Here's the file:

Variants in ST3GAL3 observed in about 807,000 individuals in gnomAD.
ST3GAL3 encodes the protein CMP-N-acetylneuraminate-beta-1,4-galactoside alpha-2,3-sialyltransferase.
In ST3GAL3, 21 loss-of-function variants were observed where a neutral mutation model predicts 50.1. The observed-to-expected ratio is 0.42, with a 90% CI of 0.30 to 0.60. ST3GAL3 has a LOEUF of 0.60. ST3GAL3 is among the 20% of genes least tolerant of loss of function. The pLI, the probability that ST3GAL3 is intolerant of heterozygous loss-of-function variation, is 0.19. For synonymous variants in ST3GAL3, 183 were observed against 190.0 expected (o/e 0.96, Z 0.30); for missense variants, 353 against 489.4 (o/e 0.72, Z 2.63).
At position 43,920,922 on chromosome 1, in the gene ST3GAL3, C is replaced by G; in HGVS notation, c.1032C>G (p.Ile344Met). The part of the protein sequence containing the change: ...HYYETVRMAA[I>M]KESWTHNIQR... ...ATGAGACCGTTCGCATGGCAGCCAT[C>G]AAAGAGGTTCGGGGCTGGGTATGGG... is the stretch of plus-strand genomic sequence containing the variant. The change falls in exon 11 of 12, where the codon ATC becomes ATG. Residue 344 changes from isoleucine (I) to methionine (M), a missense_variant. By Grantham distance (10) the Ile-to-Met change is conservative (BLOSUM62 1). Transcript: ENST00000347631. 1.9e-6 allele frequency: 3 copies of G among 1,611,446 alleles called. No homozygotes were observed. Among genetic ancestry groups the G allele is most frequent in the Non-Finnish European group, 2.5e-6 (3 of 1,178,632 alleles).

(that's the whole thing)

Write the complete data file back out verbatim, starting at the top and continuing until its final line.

Variants in ST3GAL3 observed in about 807,000 individuals in gnomAD.
ST3GAL3 encodes the protein CMP-N-acetylneuraminate-beta-1,4-galactoside alpha-2,3-sialyltransferase.
In ST3GAL3, 21 loss-of-function variants were observed where a neutral mutation model predicts 50.1. The observed-to-expected ratio is 0.42, with a 90% CI of 0.30 to 0.60. ST3GAL3 has a LOEUF of 0.60. ST3GAL3 is among the 20% of genes least tolerant of loss of function. The pLI, the probability that ST3GAL3 is intolerant of heterozygous loss-of-function variation, is 0.19. For synonymous variants in ST3GAL3, 183 were observed against 190.0 expected (o/e 0.96, Z 0.30); for missense variants, 353 against 489.4 (o/e 0.72, Z 2.63).
At position 43,920,922 on chromosome 1, in the gene ST3GAL3, C is replaced by G; in HGVS notation, c.1032C>G (p.Ile344Met). The part of the protein sequence containing the change: ...HYYETVRMAA[I>M]KESWTHNIQR... ...ATGAGACCGTTCGCATGGCAGCCAT[C>G]AAAGAGGTTCGGGGCTGGGTATGGG... is the stretch of plus-strand genomic sequence containing the variant. The change falls in exon 11 of 12, where the codon ATC becomes ATG. Residue 344 changes from isoleucine (I) to methionine (M), a missense_variant. By Grantham distance (10) the Ile-to-Met change is conservative (BLOSUM62 1). Transcript: ENST00000347631. 1.9e-6 allele frequency: 3 copies of G among 1,611,446 alleles called. No homozygotes were observed. Among genetic ancestry groups the G allele is most frequent in the Non-Finnish European group, 2.5e-6 (3 of 1,178,632 alleles).